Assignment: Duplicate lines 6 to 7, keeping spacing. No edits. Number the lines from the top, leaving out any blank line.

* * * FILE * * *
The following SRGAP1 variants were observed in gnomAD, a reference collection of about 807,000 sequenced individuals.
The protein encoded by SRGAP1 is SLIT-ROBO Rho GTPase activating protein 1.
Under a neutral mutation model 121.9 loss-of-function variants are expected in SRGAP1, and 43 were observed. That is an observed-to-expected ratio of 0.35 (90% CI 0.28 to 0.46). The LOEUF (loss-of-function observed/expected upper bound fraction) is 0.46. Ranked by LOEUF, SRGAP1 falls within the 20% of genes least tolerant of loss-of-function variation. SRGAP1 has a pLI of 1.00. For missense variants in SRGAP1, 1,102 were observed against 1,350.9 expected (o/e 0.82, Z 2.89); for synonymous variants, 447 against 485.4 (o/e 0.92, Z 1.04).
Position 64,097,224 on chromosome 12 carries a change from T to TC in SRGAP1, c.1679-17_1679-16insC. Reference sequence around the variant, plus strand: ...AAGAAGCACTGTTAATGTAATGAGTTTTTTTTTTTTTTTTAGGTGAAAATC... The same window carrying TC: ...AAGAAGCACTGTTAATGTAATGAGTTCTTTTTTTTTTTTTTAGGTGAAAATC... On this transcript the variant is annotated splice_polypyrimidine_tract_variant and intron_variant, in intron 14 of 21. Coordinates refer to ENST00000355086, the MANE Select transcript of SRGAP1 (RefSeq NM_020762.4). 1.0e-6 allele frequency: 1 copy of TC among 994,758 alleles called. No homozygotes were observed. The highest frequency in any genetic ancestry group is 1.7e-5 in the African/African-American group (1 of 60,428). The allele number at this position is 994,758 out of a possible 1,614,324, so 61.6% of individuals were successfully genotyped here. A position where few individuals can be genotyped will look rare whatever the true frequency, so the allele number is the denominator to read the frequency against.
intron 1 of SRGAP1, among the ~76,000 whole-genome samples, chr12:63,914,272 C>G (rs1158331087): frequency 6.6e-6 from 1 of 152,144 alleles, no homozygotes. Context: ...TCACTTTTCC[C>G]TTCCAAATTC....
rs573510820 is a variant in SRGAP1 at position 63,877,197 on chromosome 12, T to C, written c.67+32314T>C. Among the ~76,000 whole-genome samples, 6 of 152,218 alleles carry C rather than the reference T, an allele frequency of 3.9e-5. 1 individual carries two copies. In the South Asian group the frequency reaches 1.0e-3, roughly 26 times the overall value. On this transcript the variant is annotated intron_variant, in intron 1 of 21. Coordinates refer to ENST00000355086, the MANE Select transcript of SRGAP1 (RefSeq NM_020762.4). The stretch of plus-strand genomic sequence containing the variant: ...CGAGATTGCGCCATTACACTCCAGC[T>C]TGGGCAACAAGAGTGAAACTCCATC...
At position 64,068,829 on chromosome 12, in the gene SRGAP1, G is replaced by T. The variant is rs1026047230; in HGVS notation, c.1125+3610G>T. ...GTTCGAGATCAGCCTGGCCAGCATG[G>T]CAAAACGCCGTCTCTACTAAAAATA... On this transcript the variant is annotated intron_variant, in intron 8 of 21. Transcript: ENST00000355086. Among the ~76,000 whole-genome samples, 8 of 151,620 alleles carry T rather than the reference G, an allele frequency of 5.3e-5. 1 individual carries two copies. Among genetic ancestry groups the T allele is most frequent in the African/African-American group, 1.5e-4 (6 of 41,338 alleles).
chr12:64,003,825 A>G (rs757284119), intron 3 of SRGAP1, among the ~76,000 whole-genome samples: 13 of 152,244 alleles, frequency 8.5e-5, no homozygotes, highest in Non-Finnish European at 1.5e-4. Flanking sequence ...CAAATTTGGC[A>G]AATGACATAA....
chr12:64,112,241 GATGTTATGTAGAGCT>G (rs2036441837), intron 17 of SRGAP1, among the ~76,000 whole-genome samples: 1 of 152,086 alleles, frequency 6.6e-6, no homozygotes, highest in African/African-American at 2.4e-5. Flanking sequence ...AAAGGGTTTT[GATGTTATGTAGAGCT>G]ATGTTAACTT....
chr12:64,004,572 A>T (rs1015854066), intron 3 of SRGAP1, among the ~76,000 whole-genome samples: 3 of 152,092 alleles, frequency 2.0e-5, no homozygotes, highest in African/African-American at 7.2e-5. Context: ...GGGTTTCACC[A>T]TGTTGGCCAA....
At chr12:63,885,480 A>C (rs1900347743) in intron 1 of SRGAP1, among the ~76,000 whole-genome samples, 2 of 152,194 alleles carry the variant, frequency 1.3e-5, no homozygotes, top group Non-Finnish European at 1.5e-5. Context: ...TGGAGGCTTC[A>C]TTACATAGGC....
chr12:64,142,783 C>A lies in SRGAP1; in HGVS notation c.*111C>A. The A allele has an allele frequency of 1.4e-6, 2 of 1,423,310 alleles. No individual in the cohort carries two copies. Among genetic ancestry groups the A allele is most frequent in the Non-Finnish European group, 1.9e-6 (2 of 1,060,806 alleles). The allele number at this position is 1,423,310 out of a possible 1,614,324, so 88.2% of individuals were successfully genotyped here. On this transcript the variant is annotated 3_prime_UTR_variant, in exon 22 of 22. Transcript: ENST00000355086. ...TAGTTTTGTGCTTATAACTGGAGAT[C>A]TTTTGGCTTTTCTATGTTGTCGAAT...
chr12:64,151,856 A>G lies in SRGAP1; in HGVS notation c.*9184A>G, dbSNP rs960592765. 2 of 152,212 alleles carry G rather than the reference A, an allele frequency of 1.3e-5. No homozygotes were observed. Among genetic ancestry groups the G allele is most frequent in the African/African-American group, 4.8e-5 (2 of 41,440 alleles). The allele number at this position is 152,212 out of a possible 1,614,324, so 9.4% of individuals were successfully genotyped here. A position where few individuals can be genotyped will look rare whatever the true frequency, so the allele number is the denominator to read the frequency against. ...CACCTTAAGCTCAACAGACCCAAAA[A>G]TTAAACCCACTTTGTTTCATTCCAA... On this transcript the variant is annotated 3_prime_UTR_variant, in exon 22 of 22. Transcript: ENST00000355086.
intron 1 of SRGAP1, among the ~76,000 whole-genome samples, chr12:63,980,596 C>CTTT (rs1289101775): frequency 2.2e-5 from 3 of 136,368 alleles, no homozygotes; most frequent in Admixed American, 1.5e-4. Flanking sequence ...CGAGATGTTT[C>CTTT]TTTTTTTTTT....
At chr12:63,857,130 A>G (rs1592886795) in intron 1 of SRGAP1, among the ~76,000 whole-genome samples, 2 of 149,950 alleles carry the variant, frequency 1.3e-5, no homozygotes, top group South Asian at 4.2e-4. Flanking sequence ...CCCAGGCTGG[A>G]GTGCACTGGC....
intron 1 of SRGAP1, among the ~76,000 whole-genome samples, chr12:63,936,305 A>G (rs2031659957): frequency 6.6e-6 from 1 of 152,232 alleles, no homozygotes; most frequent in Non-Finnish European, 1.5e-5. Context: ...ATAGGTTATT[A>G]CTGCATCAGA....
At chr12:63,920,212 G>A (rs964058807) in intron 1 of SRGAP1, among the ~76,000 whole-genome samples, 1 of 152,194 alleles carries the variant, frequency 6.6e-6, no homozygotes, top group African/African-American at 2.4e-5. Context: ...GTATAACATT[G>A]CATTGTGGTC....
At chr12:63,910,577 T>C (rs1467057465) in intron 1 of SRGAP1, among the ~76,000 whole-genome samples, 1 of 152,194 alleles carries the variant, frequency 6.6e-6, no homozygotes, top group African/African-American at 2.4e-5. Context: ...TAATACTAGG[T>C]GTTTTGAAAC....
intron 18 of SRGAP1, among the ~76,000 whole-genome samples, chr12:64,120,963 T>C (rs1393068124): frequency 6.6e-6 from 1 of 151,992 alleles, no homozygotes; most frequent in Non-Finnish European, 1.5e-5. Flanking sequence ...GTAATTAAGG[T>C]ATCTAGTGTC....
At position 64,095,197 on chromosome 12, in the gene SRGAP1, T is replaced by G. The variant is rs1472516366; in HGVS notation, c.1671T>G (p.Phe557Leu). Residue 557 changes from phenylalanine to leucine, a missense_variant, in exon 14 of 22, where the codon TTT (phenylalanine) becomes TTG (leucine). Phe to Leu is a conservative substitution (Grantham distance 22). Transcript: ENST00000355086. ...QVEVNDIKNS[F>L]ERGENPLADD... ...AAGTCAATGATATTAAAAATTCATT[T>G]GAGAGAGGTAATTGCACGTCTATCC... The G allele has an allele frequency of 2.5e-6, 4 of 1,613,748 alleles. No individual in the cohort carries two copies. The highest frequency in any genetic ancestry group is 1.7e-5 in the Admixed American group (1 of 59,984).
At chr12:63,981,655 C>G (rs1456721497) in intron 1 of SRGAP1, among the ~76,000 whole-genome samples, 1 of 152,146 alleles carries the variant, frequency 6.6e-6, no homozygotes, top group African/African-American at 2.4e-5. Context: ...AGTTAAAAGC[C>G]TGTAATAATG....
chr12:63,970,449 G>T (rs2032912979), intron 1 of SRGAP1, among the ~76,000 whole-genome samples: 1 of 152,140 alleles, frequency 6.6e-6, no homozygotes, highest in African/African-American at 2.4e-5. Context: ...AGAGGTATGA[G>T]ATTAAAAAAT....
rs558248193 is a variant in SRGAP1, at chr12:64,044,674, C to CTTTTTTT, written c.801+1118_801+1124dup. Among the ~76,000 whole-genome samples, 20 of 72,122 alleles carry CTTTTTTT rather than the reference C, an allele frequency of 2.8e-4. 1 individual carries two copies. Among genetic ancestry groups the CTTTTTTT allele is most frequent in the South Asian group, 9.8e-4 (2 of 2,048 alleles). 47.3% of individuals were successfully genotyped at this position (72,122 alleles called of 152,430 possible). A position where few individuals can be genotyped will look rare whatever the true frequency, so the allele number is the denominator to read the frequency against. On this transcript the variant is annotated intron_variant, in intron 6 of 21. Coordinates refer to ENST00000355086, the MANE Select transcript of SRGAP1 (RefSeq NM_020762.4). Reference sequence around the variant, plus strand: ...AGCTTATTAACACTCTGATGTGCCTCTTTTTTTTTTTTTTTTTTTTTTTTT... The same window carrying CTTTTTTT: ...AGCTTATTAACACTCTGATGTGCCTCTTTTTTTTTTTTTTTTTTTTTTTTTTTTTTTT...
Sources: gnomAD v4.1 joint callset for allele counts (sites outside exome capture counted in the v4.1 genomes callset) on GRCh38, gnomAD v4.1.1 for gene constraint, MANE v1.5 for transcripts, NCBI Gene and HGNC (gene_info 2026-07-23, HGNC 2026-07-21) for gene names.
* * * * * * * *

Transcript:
rs573510820 is a variant in SRGAP1 at position 63,877,197 on chromosome 12, T to C, written c.67+32314T>C. Among the ~76,000 whole-genome samples, 6 of 152,218 alleles carry C rather than the reference T, an allele frequency of 3.9e-5. 1 individual carries two copies. In the South Asian group the frequency reaches 1.0e-3, roughly 26 times the overall value. On this transcript the variant is annotated intron_variant, in intron 1 of 21. Coordinates refer to ENST00000355086, the MANE Select transcript of SRGAP1 (RefSeq NM_020762.4). The stretch of plus-strand genomic sequence containing the variant: ...CGAGATTGCGCCATTACACTCCAGC[T>C]TGGGCAACAAGAGTGAAACTCCATC...
At position 64,068,829 on chromosome 12, in the gene SRGAP1, G is replaced by T. The variant is rs1026047230; in HGVS notation, c.1125+3610G>T. ...GTTCGAGATCAGCCTGGCCAGCATG[G>T]CAAAACGCCGTCTCTACTAAAAATA... On this transcript the variant is annotated intron_variant, in intron 8 of 21. Transcript: ENST00000355086. Among the ~76,000 whole-genome samples, 8 of 151,620 alleles carry T rather than the reference G, an allele frequency of 5.3e-5. 1 individual carries two copies. Among genetic ancestry groups the T allele is most frequent in the African/African-American group, 1.5e-4 (6 of 41,338 alleles).